Dyspraxia: a guide to visual skills
Although dyspraxia is understood to affect fine and gross coordination skills (small and large muscle movements), there is a strong relationship between these difficulties and visual skills. At Central Vision Opticians we have helped hundreds of children and adults with dyspraxia. We will assess you or your child’s symptoms to see if we can resolve difficulties with vision therapy.
What is dyspraxia?
Dyspraxia is a condition that affects both children and adults. It is also known as developmental coordination disorder since it interferes with the development of movement and coordination skills. In children it is usually diagnosed around the age of five or more - up until then children can vary in rates of development.
It affects both spatial vision and coordination: both visual perception of the world around you and your brain’s approach to coordinated movement. Spatial vision means knowing where objects are in our surroundings and the awareness of how they relate to our position. Coordination is the ability to control the best muscles in order to move efficiently through space and manipulate the objects around us.
What difficulties would a person have?
Any problems with these two skills, spatial vision and coordination, can cause a number of motor (movement) difficulties. This can affect activities of daily living as well as hobbies, sports and interests. However, there are a number of non-motor difficulties that people with dyspraxia may have including:
- Time management, planning and organisational difficulties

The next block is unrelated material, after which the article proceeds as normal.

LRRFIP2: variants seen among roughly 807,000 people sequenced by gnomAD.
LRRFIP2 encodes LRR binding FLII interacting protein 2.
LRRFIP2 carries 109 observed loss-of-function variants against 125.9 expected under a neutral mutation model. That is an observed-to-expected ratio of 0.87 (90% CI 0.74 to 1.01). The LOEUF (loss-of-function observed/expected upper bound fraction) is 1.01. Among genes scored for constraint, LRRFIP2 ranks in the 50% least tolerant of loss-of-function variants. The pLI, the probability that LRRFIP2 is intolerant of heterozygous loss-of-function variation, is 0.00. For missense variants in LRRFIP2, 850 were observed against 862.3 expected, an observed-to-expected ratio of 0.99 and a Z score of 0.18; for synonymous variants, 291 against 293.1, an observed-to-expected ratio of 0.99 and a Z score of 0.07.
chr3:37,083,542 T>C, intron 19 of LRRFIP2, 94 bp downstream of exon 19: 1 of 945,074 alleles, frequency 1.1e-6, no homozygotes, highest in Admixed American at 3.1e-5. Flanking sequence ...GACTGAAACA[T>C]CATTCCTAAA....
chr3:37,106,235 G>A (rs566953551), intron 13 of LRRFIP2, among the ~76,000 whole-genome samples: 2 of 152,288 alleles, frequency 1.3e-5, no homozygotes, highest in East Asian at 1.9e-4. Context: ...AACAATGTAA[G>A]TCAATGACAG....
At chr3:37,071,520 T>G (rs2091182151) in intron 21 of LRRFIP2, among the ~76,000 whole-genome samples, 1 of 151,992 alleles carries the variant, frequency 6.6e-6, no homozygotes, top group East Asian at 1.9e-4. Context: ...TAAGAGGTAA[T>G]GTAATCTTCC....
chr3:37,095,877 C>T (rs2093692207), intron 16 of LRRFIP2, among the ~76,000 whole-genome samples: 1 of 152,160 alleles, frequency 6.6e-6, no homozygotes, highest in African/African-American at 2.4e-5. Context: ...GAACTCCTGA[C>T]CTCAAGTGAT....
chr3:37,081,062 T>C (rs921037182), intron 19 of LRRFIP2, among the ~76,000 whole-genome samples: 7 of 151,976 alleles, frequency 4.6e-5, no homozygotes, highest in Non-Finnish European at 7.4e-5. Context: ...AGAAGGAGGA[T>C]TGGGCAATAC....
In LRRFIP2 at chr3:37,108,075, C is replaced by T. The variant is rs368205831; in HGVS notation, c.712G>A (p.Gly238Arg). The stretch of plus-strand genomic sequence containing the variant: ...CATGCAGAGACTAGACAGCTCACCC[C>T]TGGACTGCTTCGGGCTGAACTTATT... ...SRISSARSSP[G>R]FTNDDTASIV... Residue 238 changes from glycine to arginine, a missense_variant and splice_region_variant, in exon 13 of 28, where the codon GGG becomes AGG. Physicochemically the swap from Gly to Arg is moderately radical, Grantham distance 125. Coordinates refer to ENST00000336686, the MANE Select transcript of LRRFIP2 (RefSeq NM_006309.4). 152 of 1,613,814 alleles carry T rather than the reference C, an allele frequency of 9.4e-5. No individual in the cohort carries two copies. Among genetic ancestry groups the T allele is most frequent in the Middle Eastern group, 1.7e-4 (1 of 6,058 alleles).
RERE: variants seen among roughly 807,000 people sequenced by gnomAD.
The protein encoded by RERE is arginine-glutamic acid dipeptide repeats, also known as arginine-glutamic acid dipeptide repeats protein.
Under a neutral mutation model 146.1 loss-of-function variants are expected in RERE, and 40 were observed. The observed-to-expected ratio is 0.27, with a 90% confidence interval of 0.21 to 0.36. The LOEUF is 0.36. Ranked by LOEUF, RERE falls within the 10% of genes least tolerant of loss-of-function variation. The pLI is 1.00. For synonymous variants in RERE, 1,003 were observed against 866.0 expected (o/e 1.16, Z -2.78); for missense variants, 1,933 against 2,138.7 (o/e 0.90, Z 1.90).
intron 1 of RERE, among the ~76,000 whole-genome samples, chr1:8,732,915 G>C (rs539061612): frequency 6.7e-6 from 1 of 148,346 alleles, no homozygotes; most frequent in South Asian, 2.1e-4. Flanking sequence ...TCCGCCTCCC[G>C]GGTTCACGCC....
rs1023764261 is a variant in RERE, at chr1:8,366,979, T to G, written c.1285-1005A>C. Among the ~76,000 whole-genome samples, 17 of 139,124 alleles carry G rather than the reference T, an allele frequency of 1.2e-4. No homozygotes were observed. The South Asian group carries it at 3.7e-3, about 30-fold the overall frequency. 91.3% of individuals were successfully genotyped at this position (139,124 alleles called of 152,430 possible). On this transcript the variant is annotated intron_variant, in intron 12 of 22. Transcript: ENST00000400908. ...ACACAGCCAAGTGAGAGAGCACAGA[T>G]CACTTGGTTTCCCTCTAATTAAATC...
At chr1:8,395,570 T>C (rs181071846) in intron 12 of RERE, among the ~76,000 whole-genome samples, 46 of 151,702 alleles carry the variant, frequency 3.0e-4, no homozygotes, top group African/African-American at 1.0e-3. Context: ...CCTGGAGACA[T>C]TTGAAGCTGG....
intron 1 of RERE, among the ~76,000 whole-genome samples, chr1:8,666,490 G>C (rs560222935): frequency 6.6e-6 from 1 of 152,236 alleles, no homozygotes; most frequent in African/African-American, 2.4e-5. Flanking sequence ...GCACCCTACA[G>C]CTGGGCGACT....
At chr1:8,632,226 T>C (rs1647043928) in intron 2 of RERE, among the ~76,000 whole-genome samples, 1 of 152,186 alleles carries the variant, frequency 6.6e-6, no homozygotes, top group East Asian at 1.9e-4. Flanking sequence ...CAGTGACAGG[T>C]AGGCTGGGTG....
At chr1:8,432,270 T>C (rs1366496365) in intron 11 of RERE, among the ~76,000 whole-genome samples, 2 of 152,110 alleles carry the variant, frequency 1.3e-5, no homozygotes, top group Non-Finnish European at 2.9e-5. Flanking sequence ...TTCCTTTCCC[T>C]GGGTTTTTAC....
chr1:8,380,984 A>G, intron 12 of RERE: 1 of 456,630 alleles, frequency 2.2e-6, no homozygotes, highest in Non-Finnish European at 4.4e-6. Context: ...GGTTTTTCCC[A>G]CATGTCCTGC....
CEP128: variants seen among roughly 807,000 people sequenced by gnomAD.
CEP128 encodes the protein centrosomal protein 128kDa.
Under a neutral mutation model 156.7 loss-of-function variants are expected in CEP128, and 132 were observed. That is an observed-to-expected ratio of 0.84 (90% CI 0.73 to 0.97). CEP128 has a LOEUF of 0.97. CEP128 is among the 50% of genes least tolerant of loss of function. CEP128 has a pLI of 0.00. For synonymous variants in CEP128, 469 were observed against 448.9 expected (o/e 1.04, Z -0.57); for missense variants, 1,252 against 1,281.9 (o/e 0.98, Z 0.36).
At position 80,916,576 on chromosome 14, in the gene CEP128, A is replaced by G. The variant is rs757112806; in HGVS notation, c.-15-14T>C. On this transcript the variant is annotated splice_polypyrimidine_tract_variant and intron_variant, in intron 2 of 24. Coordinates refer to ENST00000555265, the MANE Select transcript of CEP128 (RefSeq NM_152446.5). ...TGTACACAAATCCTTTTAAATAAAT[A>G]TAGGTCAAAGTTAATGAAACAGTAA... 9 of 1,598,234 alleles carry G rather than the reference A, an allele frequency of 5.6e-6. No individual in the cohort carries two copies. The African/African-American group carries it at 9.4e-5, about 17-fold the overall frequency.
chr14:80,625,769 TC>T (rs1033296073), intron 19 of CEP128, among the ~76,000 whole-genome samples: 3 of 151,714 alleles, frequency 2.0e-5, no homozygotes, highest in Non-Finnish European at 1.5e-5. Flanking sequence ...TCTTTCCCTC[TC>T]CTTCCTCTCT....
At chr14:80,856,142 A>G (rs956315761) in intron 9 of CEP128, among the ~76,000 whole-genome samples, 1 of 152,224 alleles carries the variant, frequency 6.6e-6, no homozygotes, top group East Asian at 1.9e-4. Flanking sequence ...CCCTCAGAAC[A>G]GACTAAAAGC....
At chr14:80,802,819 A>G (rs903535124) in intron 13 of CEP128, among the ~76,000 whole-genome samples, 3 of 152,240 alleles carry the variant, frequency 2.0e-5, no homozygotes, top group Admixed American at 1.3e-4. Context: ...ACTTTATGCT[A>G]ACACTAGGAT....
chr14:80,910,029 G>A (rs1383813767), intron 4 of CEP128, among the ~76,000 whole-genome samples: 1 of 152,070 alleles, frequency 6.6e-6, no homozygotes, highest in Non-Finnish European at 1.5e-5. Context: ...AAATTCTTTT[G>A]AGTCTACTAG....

- Social and emotional difficulties
- Memory: difficulty remembering information at work and in leisure activities
- Processing difficulties affecting reading, spelling, speech and language
What are the causes of dyspraxia?
There is no known cause in the majority of cases. Carrying out coordinated movements involves a complicated neurological process. If a part of the brain used for these movements hasn’t developed properly during childhood, that person could have difficulties with movement and coordination.
It is unclear why coordination develops less well in some children, but some factors that may contribute include premature birth, genetic factors, or a low weight at birth.
What are the consequences of having dyspraxia?
Coordination difficulties can affect a variety of everyday activities, making everyday life harder. Children with dyspraxia may have difficulty with writing, drawing, and playground activities such as hopping, jumping, running or ball games. They may appear clumsy or awkward, although this is not necessarily a sign of dyspraxia; children tend to be more clumsy anyway.
These difficulties can continue into adulthood: an adult with dyspraxia may have difficulties typing or writing at work, learning new skills, driving and other daily skills such as dressing or preparing meals. Other consequences may be frustration and fatigue.
What does dyspraxia have to do with eyes and vision?
There are many ways dyspraxia can affect your vision and visual skills. Its not related to needing glasses, the visual acuity is often normal. Some of the possible difficulties are:
- Disrupted motor and sensory development: Physical movement in infants helps to drive the development of movement (motor) and sensory skills.
- Oculomotor function/Visual tracking: Eye movements may be less accurate which means small detail can be missed, such as missing some words when reading. Also, there can be difficulties playing some sport, especially those that require hand-eye coordination and good timing.